Nearly three-quarters of senior decision makers in the supply chain and in food procurement are currently not tracking the amount of food their organisation wastes, according to new research shared with City A.M. today.
In fact, almost two-thirds (64 per cent) of respondents told food facilities management company Sodexo in survey that direction from government on how industry should reduce food waste needs to be made clearer through stronger policy and regulation as the £120bn sector seeks to reduce its environmental impact.
Just 26 per cent of food procurement professionals prioritise food waste as a means to achieving carbon reduction goals, while half as many (13 per cent) believe their organisation’s employees are aware that minimising food waste can help their company achieve net zero carbon emissions
Businesses in the food service sector will not achieve carbon net zero goals without urgently turning their attention to the issue of food waste. This is the stark warning emerging today from the French firm, which launched a ‘Appetite for Action’ campaign last week.
Lack of understanding
The findings demonstrate that, while the connection between day-to-day activities such as air travel and carbon emissions is well understood, food waste has yet to sufficiently cut through, argues Sean Haley, Chairman at Sodexo UK & Ireland.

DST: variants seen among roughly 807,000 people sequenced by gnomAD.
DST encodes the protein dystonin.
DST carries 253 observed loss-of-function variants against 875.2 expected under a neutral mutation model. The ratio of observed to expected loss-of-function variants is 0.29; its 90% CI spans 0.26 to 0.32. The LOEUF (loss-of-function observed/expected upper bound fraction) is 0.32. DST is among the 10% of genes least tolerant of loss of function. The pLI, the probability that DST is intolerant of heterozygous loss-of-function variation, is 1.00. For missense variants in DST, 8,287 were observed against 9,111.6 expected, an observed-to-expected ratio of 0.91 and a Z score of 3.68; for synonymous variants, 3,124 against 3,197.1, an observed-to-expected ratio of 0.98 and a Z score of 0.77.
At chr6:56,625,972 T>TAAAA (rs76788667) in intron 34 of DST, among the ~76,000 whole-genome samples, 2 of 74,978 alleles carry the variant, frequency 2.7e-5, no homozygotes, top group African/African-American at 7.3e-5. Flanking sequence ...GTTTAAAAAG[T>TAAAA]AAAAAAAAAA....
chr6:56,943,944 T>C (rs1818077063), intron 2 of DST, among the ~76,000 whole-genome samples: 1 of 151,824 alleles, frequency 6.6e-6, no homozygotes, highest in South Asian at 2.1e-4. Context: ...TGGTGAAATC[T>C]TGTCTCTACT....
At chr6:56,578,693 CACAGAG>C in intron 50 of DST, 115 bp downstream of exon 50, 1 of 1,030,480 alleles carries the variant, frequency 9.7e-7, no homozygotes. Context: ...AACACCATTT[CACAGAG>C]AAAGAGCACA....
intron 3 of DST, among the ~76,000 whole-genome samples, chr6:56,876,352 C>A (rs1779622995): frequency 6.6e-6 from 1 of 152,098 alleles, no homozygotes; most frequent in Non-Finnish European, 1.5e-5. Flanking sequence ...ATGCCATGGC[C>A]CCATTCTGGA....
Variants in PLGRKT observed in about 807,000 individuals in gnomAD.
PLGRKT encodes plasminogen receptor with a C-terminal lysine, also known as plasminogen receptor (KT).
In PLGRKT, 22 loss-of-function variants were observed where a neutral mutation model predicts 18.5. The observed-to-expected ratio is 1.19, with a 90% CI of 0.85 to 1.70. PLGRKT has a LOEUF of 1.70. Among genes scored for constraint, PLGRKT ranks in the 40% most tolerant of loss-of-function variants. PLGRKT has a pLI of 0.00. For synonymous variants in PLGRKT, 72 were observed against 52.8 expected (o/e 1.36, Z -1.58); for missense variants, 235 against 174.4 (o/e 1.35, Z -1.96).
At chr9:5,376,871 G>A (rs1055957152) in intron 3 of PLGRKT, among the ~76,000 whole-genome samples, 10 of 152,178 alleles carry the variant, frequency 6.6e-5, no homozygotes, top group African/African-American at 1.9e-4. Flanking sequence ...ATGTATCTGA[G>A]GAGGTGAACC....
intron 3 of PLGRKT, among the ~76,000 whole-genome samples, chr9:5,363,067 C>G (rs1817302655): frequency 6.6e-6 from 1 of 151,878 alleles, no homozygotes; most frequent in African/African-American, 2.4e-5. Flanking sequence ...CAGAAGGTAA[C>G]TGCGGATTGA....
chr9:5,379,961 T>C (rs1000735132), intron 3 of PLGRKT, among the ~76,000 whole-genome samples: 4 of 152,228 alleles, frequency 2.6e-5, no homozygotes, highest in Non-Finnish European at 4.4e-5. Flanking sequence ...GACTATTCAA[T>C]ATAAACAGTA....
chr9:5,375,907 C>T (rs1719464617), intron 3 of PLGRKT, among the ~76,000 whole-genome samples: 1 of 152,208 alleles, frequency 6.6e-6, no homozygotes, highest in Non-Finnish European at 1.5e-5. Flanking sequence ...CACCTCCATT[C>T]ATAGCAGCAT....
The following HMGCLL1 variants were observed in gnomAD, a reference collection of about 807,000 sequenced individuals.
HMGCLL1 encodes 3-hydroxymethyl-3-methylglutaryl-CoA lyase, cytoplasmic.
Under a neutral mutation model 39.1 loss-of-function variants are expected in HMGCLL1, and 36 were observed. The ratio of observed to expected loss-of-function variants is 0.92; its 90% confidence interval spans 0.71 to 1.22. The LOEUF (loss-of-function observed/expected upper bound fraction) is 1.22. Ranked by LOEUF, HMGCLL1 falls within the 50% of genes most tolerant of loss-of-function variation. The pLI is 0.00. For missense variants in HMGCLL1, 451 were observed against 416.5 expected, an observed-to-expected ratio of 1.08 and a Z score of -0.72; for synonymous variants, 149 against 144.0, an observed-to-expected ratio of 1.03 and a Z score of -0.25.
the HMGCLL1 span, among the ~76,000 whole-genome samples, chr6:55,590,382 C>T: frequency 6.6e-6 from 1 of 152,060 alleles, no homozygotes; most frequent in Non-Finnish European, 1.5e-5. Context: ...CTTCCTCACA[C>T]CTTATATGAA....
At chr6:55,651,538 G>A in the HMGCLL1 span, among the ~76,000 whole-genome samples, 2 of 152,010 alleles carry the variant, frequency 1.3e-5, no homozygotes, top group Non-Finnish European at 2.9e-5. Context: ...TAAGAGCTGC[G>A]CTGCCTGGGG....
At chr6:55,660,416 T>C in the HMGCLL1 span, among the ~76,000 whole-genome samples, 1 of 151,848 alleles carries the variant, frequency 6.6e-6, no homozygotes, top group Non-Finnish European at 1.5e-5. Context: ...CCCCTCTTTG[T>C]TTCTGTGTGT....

Pointing out that his company has pledged to cut its own food waste by 50 per cent by 2025, Haley mentioned that just 26 per cent of food procurement professionals prioritise food waste in achieving carbon reduction goals.
“Food waste is a problem long before consumers scrape leftovers off their plate. There is currently wastage at every stage of the food system from farm to fork – this requires urgent intervention,” he said.
Haley told City A.M. today: “While tackling food waste alone is not the silver bullet, it is a key component of our net zero ambition, enabling us to live up to our broader purpose of continuing to support and improve the communities in which we live, work and serve.”
More encouragingly though, the majority (93 per cent) of respondents said they are considering changing their organisation’s procurement criteria to reduce food waste in the next 12 months, with almost the same proportion saying they will be tracking food waste by 2025 (94 per cent).
Third largest greenhouse gas emitter
A recent United Nations study suggested that if food waste was a country then it would be the third largest greenhouse gas emitter behind China and the US.
But food procurement and supply chain heads face enormous challenges, one of which being the recent transition to hybrid working.
Over half (60 per cent) said hybrid work environments make it difficult for businesses to plan how many diners they’ll have each day. The same proportion (60 per cent) also said using food that might otherwise have been wasted (e.g. vegetable peelings) on menus has an image problem for consumers – but it’s one they want to change.